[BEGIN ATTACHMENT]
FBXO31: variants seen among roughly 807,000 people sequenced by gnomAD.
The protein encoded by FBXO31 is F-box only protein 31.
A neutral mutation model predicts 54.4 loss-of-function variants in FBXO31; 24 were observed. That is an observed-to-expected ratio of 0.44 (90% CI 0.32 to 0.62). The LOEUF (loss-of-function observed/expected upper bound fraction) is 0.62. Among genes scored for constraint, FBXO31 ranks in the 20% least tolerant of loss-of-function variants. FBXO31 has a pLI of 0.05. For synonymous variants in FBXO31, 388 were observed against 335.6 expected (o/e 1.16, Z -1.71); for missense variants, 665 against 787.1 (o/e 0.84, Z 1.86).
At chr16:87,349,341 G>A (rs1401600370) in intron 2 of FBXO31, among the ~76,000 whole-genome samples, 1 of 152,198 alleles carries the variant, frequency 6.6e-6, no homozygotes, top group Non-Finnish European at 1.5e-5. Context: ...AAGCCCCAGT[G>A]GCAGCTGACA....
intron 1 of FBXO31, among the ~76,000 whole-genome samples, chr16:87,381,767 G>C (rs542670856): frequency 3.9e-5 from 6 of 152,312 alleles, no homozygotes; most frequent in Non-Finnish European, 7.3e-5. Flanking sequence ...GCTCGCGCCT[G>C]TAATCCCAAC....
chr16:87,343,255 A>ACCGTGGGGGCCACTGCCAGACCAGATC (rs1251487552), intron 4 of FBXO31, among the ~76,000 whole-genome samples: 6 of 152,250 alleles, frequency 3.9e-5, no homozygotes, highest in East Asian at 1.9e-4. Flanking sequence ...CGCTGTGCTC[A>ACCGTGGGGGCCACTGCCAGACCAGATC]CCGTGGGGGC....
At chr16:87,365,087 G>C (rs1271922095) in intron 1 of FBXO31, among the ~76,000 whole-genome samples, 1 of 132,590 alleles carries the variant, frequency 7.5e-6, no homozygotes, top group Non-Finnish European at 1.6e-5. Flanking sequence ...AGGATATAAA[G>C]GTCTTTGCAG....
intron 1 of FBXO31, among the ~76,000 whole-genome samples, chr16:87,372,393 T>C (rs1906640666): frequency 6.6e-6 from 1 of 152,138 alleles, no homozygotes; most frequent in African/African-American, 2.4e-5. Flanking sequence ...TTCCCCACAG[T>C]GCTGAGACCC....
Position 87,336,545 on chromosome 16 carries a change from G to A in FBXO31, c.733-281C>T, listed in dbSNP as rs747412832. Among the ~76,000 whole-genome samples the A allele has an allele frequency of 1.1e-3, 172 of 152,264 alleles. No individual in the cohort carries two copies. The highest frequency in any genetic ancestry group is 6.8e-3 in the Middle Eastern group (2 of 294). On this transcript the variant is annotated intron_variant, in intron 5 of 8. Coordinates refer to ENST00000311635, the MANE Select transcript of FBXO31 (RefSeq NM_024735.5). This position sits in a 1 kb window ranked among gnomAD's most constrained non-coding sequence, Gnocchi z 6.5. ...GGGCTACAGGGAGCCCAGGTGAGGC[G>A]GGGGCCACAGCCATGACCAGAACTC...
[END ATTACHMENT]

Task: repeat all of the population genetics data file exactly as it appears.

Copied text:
FBXO31: variants seen among roughly 807,000 people sequenced by gnomAD.
The protein encoded by FBXO31 is F-box only protein 31.
A neutral mutation model predicts 54.4 loss-of-function variants in FBXO31; 24 were observed. That is an observed-to-expected ratio of 0.44 (90% CI 0.32 to 0.62). The LOEUF (loss-of-function observed/expected upper bound fraction) is 0.62. Among genes scored for constraint, FBXO31 ranks in the 20% least tolerant of loss-of-function variants. FBXO31 has a pLI of 0.05. For synonymous variants in FBXO31, 388 were observed against 335.6 expected (o/e 1.16, Z -1.71); for missense variants, 665 against 787.1 (o/e 0.84, Z 1.86).
At chr16:87,349,341 G>A (rs1401600370) in intron 2 of FBXO31, among the ~76,000 whole-genome samples, 1 of 152,198 alleles carries the variant, frequency 6.6e-6, no homozygotes, top group Non-Finnish European at 1.5e-5. Context: ...AAGCCCCAGT[G>A]GCAGCTGACA....
intron 1 of FBXO31, among the ~76,000 whole-genome samples, chr16:87,381,767 G>C (rs542670856): frequency 3.9e-5 from 6 of 152,312 alleles, no homozygotes; most frequent in Non-Finnish European, 7.3e-5. Flanking sequence ...GCTCGCGCCT[G>C]TAATCCCAAC....
chr16:87,343,255 A>ACCGTGGGGGCCACTGCCAGACCAGATC (rs1251487552), intron 4 of FBXO31, among the ~76,000 whole-genome samples: 6 of 152,250 alleles, frequency 3.9e-5, no homozygotes, highest in East Asian at 1.9e-4. Flanking sequence ...CGCTGTGCTC[A>ACCGTGGGGGCCACTGCCAGACCAGATC]CCGTGGGGGC....
At chr16:87,365,087 G>C (rs1271922095) in intron 1 of FBXO31, among the ~76,000 whole-genome samples, 1 of 132,590 alleles carries the variant, frequency 7.5e-6, no homozygotes, top group Non-Finnish European at 1.6e-5. Flanking sequence ...AGGATATAAA[G>C]GTCTTTGCAG....
intron 1 of FBXO31, among the ~76,000 whole-genome samples, chr16:87,372,393 T>C (rs1906640666): frequency 6.6e-6 from 1 of 152,138 alleles, no homozygotes; most frequent in African/African-American, 2.4e-5. Flanking sequence ...TTCCCCACAG[T>C]GCTGAGACCC....
Position 87,336,545 on chromosome 16 carries a change from G to A in FBXO31, c.733-281C>T, listed in dbSNP as rs747412832. Among the ~76,000 whole-genome samples the A allele has an allele frequency of 1.1e-3, 172 of 152,264 alleles. No individual in the cohort carries two copies. The highest frequency in any genetic ancestry group is 6.8e-3 in the Middle Eastern group (2 of 294). On this transcript the variant is annotated intron_variant, in intron 5 of 8. Coordinates refer to ENST00000311635, the MANE Select transcript of FBXO31 (RefSeq NM_024735.5). This position sits in a 1 kb window ranked among gnomAD's most constrained non-coding sequence, Gnocchi z 6.5. ...GGGCTACAGGGAGCCCAGGTGAGGC[G>A]GGGGCCACAGCCATGACCAGAACTC...